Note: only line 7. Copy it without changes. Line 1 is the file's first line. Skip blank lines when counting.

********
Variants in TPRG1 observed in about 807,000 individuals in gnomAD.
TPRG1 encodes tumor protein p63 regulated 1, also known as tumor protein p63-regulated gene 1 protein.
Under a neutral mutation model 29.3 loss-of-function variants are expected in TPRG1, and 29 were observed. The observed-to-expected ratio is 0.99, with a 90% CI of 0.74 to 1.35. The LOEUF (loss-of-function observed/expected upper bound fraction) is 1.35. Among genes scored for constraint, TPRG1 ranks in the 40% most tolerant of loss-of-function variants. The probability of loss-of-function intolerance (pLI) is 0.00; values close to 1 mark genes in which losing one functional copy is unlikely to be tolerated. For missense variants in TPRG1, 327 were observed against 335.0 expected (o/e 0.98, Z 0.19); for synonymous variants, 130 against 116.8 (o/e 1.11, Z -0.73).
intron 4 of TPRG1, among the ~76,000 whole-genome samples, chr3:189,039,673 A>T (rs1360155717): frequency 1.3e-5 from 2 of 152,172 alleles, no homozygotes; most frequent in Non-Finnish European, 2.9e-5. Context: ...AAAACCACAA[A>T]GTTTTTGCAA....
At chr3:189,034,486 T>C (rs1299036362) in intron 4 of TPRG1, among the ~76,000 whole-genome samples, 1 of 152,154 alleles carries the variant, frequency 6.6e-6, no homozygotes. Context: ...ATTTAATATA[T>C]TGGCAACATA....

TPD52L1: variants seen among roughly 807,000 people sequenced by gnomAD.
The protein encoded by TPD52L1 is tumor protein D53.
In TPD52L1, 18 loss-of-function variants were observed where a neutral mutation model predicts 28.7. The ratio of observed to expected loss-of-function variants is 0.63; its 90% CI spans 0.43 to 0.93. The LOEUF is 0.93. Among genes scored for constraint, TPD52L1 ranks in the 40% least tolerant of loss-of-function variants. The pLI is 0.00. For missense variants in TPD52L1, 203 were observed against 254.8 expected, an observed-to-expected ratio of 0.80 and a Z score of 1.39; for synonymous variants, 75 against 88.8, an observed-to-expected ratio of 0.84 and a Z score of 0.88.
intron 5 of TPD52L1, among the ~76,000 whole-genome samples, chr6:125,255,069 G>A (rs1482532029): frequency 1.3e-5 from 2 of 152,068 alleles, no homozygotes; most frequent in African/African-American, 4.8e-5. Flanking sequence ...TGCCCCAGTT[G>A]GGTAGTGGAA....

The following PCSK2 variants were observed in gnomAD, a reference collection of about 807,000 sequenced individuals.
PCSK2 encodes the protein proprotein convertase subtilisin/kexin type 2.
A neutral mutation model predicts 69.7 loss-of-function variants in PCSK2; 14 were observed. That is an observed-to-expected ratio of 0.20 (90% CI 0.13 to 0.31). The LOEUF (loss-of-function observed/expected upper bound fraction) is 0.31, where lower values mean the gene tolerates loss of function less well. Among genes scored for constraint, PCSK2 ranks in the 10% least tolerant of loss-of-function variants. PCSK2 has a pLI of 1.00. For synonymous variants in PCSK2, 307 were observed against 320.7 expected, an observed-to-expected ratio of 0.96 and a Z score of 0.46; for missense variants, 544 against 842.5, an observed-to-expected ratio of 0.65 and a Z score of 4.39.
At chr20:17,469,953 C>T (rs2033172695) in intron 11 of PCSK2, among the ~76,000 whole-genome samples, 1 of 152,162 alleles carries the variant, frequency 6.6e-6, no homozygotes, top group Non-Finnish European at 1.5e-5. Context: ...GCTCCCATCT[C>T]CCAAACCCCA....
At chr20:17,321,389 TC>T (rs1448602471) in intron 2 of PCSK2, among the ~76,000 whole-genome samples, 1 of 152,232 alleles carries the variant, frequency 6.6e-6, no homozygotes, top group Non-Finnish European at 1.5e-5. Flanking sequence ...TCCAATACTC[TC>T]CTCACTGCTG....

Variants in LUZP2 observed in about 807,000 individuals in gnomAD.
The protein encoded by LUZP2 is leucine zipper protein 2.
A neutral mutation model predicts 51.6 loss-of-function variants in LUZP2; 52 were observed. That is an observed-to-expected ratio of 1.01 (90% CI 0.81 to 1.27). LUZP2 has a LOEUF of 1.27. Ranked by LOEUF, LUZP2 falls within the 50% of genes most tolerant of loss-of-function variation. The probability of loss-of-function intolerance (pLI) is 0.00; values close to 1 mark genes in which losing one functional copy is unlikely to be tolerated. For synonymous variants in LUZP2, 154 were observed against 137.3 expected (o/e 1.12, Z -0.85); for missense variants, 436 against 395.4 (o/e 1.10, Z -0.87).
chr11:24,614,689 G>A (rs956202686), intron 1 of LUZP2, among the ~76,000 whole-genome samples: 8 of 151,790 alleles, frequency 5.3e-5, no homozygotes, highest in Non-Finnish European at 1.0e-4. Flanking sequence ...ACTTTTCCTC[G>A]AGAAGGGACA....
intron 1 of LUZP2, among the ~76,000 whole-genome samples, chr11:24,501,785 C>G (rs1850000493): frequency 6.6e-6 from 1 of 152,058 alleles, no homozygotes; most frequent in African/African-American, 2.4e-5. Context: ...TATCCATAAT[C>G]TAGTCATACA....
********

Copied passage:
The protein encoded by TPD52L1 is tumor protein D53.